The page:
We may, in the future, see some superlight devices with very little onboard storage…and stream our media and access our documents online. Google has already seen this future: I use Google Docs, and it can work very well. I can create a spreadsheet, and people can fill it out…food being brought to the potluck, for example. :)
That brings us to the other part of this, and to me, a really interesting one. You probably won’t see it in most of the headlines for today’s move, but I think it’s possibly more important than the cloud player.
That’s the “cloud drive”.
Amazon is giving you 5GB of storage (more than your entire Kindle’s local storage) in the cloud. You’ll be able to store any digital files. Keep that manuscript on there, and work on it in the hotel’s business center. You won’t have to carry that PowerPoint on your jump drive.
In fact, I would guess this may seriously hurt jump drive sales. I use those to move files from one computer to another…this eliminates that need. My employer recently installed Credant on all our machines…meaning we can’t save to a jump drive without putting a password on it. That’s sort of a bother, and I largely won’t need to do that now.
Some of you have http://www.dropbox.com …this is similar, although Dropbox allows for easy sharing and syncing files on your devices, and that doesn’t seem to be the case here.
Dropbox has a free program…why wouldn’t I just use that?
This is Amazon.
That makes a difference to me. I’ll be able to get to it from anywhere I could shop at Amazon.com. I won’t need to install anything or do anything special.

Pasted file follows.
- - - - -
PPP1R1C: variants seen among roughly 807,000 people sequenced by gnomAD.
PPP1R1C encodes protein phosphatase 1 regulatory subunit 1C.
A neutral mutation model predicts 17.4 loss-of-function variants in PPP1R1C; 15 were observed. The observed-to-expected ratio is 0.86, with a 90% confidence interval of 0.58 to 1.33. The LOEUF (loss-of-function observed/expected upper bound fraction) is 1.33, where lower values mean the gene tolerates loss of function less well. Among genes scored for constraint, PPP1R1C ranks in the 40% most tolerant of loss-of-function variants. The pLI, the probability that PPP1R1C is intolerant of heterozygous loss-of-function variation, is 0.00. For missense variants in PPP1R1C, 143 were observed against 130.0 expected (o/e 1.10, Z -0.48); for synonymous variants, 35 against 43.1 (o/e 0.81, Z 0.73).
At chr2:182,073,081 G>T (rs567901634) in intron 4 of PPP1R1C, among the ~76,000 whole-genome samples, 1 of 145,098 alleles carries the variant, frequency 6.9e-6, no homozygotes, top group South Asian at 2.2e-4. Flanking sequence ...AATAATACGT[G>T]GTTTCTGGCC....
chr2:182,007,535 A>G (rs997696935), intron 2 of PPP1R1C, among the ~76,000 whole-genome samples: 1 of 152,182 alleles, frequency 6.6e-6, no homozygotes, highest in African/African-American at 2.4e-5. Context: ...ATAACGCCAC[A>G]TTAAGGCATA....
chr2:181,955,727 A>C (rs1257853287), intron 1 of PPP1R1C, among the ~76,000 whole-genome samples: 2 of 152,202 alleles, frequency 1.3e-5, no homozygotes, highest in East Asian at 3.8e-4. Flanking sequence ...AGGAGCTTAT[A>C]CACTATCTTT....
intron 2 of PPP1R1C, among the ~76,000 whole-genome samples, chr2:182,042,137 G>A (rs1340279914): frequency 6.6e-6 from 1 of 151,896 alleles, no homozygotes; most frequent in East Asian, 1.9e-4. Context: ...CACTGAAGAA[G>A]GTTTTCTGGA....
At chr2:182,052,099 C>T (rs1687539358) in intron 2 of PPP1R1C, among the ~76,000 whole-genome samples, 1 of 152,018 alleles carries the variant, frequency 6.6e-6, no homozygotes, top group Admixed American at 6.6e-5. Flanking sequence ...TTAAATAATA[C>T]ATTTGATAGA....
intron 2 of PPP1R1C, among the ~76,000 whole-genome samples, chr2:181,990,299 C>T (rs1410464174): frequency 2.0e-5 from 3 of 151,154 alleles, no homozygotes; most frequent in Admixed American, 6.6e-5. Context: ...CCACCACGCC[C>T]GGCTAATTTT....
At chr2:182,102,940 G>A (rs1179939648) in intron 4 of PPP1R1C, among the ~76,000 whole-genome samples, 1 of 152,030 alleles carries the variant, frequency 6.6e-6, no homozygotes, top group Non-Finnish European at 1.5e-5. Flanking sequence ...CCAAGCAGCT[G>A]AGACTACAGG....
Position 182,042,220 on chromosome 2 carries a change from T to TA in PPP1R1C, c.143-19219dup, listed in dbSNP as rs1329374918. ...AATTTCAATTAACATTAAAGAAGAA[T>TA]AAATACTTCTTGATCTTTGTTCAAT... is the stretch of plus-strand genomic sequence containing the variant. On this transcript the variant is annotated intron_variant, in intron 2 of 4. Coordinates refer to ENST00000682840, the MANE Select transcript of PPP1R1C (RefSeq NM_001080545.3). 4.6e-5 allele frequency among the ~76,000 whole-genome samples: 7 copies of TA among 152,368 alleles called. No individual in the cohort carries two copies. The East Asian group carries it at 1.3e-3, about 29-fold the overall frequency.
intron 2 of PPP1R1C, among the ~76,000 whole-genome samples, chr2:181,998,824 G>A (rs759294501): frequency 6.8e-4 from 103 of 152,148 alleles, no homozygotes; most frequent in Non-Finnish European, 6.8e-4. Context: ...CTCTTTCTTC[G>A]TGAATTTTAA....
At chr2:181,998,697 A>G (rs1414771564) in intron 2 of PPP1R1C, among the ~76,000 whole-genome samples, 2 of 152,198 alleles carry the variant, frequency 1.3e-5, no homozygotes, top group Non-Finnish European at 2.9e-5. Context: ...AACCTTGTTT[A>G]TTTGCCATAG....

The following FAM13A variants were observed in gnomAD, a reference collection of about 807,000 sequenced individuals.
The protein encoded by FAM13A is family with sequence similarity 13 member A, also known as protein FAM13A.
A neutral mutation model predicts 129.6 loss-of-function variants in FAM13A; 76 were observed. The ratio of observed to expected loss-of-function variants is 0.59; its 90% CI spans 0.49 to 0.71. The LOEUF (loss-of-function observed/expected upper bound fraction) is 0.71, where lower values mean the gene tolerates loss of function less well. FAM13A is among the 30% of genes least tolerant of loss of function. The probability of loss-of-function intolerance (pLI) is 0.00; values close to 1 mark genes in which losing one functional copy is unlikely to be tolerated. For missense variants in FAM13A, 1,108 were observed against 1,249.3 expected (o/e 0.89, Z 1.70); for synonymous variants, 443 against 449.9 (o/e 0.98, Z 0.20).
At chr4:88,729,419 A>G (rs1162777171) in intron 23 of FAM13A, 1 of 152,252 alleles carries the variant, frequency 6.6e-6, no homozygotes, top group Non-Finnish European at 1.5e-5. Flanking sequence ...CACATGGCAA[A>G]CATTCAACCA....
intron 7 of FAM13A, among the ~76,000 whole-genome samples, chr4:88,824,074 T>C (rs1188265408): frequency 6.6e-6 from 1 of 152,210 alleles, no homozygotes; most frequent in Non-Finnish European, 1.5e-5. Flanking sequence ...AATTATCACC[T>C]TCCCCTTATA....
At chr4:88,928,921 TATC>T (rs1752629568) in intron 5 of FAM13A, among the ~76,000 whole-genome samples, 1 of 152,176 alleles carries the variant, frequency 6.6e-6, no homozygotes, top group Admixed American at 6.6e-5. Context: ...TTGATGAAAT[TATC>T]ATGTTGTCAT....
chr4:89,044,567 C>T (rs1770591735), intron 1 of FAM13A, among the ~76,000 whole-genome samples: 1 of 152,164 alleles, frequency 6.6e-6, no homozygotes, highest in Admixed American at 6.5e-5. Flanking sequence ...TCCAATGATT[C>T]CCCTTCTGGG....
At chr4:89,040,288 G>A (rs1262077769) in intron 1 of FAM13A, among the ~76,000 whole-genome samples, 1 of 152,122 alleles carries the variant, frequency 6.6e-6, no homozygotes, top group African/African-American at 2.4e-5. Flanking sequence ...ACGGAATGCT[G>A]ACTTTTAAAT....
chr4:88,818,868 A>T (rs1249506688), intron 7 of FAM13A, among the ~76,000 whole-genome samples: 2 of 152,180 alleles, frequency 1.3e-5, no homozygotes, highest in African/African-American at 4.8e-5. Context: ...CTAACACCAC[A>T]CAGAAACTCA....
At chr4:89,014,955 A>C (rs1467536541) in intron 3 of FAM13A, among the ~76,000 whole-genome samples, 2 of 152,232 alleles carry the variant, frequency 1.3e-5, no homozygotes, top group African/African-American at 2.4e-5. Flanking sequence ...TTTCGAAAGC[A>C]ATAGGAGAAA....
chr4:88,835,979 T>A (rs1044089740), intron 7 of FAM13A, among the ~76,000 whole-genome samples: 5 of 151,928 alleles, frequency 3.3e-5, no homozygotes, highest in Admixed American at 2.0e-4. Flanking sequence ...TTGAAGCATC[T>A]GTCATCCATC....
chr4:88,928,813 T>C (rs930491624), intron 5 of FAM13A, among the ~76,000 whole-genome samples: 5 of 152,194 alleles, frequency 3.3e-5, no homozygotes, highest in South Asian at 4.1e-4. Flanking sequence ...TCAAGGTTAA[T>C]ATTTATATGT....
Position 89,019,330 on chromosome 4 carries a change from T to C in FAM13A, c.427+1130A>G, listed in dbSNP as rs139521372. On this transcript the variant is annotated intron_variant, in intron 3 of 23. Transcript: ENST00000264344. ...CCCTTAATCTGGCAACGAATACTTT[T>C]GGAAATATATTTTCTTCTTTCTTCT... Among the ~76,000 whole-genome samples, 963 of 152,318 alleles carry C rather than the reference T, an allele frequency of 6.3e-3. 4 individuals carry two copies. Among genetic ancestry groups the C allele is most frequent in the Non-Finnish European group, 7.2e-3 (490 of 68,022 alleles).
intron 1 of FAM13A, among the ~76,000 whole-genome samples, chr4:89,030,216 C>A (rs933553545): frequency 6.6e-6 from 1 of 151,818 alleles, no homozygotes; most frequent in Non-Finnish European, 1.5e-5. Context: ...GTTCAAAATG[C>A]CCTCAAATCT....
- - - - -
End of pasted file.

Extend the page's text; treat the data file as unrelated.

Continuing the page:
I tested it…worked like a charm.
Now, some of you sharp-eyed folks might have been wanting to correct me for saying “any digital file”.
There is a size limit, but there is a more important limitation.
No illegal files…you assert that you have the right to copy the file to that drive.
I think this has some very interesting possible implications.
If you put illegal copies of Harry Potter up there, could Amazon stop doing business with you? I presume so. They can’t let you do it…they would get in trouble for it.
Interestingly, I would also presume that you are guilty of a federal crime at that point.
Amazon is famous for protecting customers’ privacy, but if the Feds had a warrant to search your cloud drive, they’d have to let them do it.
This is a little complicated, and I want to stress that I’m not a lawyer.
However, here’s how I understand it:
Copying is generally a right reserved for the copyright holder (with certain exceptions). You infringe on the rights of the copyright holder if you copy a file without the rightsholder’s permission.
Having an unauthorized copy on your computer is, according to the Supreme Court, not the same as having stolen goods.
Copying the file is illegal (with certain exceptions). Downloading an unauthorized file is not, as I understand it, illegal…although I still don’t approve of doing it knowingly.
However…in this case, you are copying it to Amazon’s cloud drive. Certainly, if you copy it to your cloud drive and then copy it from there to somewhere else, you could have a problem.
I’m not planning to use it for copyrighted material…unless I own the copyright, as with my own material. That’s the big plus for me. I’m currently working on a couple of things I’m writing. I tend to work on them on the same computer…this could change that.
Note: your Kindle doesn’t do streaming audio, so I don’t think you’ll be able to use the cloud player on that.
What do you think? Will you use this? Are you afraid for Amazon to have your storage? Will you back up everything locally, or just trust Amazon to keep it for you? Does this make any difference to you at all? Will you buy an MP3 album, just to get four times the storage? Feel free to let me know…
This post by Bufo Calvin originally appeared in the I Love My Kindle blog.